Presentation on theme: "1 Assessing the Political Environment in a Rural Community Nancy Mahannah Mono County Health Department P.O. Box 7307 Mammoth Lakes, CA 93546 760-934-7059."— Presentation transcript:
1 Assessing the Political Environment in a Rural Community Nancy Mahannah Mono County Health Department P.O. Box 7307 Mammoth Lakes, CA 93546 760-934-7059 email@example.com
2 Rural organizing is NOT little urban organizing. Assumptions about Rural Policy: What’s true in your community? Conservative, less government, independent, individualist Old boys network controls policy change People take longer to solve a problem No anonymity – everything you do follows you. Personal stakes of campaigns are higher. Everyone knows everyone People may participate because of who else is participating Power relationships are clearer Lawmakers are accessible Power structures vary among Boards Gender differences & lack of diversity exists within power structure Power players may have low formal education Same people sit on a variety of Boards Rural coalitions have multiple networks. Small numbers have big impact. Progress and change depend on the skills of the individual organizer Distance and communication factors are exaggerated Meetings are social, personal relationships are more important. What’s in it for me - people have to know Possible to know when change is occurring
3 Data Collection is a Tool in Rural Tobacco Control Policy Advocacy Builds relationships. Creates a strong factual base to grow policy. Is ammunition for specific policies Identifies of knowledge gaps among key players. Identifies fears among community leaders and business owners Gets the ear of local leaders, community groups and the media and increases the importance of the issue in their eyes. Creates an excuse to meet with leaders and community groups or to appear in front of a Board. Creates an educated community and a broad base of support when publicized. Immunizes your community against tobacco industry propaganda. People recognize the propaganda for what it is because they know what is true for their community. Assesses community support and identifies resources. Helps the community own their tobacco problem. Targets areas for further research or allows validation of an issue. Collects baseline data from which to judge progress.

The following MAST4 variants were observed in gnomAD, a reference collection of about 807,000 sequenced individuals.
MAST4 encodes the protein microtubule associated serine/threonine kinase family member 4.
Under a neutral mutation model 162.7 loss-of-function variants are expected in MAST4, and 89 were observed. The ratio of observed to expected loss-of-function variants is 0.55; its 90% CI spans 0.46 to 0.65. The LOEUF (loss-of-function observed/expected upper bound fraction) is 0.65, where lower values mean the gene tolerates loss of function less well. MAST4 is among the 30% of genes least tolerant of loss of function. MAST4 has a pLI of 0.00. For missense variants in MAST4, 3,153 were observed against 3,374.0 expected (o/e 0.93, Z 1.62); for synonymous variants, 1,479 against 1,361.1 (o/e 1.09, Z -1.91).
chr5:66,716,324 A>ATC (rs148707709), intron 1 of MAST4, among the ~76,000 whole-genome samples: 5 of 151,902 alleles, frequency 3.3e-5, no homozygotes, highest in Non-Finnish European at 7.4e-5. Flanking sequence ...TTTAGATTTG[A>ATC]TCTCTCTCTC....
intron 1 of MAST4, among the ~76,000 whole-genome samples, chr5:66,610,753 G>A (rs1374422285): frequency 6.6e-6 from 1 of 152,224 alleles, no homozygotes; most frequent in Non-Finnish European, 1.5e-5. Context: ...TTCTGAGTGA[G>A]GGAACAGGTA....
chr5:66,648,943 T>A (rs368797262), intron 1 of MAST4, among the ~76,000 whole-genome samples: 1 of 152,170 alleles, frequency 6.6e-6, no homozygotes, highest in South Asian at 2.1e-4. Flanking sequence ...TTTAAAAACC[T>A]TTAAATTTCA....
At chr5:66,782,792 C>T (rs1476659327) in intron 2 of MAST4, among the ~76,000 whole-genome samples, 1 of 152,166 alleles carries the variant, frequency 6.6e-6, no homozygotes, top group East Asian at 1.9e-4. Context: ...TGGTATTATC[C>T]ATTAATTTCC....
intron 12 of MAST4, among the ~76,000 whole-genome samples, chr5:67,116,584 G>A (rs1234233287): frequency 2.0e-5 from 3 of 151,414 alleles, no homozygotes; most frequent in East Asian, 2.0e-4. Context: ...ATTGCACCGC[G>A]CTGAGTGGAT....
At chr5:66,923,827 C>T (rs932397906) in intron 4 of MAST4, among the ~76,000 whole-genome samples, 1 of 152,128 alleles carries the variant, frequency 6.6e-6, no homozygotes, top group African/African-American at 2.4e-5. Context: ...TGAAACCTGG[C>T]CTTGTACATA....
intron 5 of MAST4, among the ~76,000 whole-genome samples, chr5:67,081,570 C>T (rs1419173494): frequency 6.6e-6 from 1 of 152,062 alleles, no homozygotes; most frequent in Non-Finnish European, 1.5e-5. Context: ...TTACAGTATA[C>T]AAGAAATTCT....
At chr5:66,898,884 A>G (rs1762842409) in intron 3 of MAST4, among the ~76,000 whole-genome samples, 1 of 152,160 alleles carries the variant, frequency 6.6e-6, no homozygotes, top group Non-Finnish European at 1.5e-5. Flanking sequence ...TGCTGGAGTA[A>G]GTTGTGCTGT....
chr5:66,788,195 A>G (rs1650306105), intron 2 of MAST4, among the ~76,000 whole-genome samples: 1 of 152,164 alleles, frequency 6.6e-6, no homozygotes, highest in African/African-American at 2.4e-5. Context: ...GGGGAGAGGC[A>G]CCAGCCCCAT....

4 Collecting Rural Local Data: How? OK not to be scientific Target your samples Key informants are easily identified Face to face or phone to enhance relationship building. Give survey results directly back to those surveyed Tract successes in story form Go for numbers and ease of implementation. Interpersonal Aspects of Assessing the Political Environment: Go out and ask Meet, inform, ask individuals whom you know –Who do you ask? Policy makers Board members Business owners Community leaders –What do you ask? Would you support a policy that does____? What do you see to be the issues around such a policy? Who do you think would support it, who would not and why? Is there anything that could make this policy more optimal? –Delineate what, if anything, is in it for them Minigrant/sponsorship Cessation services Signs Buy in to their projects